There is no mention of a “deferment rate” in the Act but this methodology has been accepted in the courts and tribunals as appropriate. For properties in Prime Central London, the Upper Tribunal has effectively fixed the deferment rate for flats at 5% – Cadogan v Sportelli  1 EGLR 153.
How is the loss of the rental stream calculated? It is not as simple as multiplying £100 x 40 years because under the terms of the lease, the landlord will only be entitled to £100 each year rather than a lump sum in advance covering the whole rent. Also the right to receive £100 in 39 years’ time is worth less than the right to received £100 now. To get round this problem a “capitalisation rate” is applied to reflect the value of the investment to the landlord. Again there is no mention of a “capitalisation rate” in the Act but the valuation principal is now universal. For modest ground rents the capitalisation rate is usually agreed at between 6 and 8 %.
The most contested part of the premium is invariably the “marriage value”. The Act requires the marriage value to be calculated as the difference between:
- the sum of the value of the leaseholder’s interest and the value of the freeholders’ interests before the new lease is granted; and
- the sum of the leaseholder’s interest and the value of the freeholders’ interest after the new lease is granted. – Schedule 13 para 4.
These sums must be determined on the assumption that the Act does not confer a right to acquire a new lease of the flat, i. e, the flat is sold in “the no-Act world”. The difficulty with this is that we don’t live in a “no Act” world – nearly all long leaseholders do have the right to extend their leases. This makes it difficult to find properly comparable sales of short leases against which to assess the value of existing lease. Where there is a comparable of a flat on a long lease “with Act rights” a deduction must be made for the value of those rights. Where no market evidence of such sales exists valuers must resort to “relativity graphs”. Yet again “relativity” is not referred to in the Act at all. It is a term which is used by valuers to express the value of the existing lease in the no Act world as a percentage of the value of the same flat as a freehold. So, for example if the existing 40 year lease is worth £65,000 and the freehold would be worth £100,000, “relativity” is 65%. The lower the relativity the higher the premium, the tenant will pay for a new lease.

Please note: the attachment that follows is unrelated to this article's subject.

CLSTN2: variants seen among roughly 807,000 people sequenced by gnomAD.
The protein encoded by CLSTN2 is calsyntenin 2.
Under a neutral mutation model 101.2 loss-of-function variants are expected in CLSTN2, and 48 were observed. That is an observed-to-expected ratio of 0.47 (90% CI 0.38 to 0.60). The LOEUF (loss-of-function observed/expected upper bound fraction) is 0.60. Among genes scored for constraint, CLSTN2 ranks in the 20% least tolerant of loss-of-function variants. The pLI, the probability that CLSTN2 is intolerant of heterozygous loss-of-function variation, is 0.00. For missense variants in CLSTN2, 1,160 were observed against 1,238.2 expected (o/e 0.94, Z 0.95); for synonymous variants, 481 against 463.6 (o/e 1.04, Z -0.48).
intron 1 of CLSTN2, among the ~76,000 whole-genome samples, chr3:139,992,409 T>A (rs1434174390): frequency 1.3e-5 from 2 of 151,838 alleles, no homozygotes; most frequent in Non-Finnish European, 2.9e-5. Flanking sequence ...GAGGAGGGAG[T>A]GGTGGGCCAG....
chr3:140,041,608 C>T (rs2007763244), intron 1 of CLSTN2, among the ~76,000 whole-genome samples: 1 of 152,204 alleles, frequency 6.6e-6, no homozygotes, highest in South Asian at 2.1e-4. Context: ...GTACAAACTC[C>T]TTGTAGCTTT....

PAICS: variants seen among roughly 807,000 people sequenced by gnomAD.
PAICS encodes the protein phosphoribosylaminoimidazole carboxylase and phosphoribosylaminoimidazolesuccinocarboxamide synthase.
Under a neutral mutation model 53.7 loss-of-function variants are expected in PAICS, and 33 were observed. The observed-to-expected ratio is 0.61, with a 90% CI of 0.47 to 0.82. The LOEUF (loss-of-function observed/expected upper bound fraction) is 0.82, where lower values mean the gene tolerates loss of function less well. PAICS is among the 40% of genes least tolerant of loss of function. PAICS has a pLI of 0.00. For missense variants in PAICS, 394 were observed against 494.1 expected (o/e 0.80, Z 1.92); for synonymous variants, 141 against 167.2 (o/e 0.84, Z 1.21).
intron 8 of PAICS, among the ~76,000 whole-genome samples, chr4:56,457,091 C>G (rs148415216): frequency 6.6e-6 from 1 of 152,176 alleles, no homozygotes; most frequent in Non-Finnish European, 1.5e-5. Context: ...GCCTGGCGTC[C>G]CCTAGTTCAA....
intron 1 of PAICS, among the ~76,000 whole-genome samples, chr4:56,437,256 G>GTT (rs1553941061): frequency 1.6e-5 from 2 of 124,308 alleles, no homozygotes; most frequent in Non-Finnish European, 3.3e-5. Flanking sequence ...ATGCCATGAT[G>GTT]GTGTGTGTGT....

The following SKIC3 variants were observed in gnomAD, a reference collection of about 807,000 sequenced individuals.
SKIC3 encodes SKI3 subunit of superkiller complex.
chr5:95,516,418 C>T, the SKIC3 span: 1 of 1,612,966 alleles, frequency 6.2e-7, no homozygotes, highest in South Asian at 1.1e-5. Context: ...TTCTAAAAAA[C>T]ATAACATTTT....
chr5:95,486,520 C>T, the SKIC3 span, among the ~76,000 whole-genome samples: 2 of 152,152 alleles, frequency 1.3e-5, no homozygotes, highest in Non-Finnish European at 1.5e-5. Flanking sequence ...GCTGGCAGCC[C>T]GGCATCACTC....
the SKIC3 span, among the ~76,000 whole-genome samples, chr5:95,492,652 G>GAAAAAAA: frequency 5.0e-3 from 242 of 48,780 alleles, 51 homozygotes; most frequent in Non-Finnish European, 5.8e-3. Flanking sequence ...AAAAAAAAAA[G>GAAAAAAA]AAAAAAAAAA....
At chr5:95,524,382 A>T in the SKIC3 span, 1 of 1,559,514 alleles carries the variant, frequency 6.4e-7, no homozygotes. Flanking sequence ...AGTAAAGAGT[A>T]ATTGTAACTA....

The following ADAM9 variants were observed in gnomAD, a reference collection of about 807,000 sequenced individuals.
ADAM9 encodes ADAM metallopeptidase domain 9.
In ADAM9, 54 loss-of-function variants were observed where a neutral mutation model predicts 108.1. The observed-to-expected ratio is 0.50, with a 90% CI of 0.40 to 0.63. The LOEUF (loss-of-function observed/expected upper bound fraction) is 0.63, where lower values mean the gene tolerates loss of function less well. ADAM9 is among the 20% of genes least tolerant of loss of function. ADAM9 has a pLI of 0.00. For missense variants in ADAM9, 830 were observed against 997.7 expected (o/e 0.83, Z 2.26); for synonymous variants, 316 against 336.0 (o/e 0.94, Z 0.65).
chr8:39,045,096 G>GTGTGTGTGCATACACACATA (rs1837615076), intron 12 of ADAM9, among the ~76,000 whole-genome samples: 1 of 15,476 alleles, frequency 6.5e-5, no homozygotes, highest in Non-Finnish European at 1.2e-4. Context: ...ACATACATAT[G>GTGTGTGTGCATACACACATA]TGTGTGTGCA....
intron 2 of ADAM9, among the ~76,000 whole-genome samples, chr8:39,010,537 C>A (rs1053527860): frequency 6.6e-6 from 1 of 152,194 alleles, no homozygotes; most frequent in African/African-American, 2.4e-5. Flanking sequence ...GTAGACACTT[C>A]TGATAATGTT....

There are various “relativity” graphs in circulation most of which have been prepared by firms of surveyors and are somewhat subjective. They are not entirely satisfactory and have come in for much criticism in recent times but when faced with the impossible task of valuing something that doesn’t exist (i.e. a short lease with no right to extend), they are often the only evidence available.
In my next article I will look further at some of the problems created by the “no Act” assumption and some possible avenues for the reform of this highly complex legislation.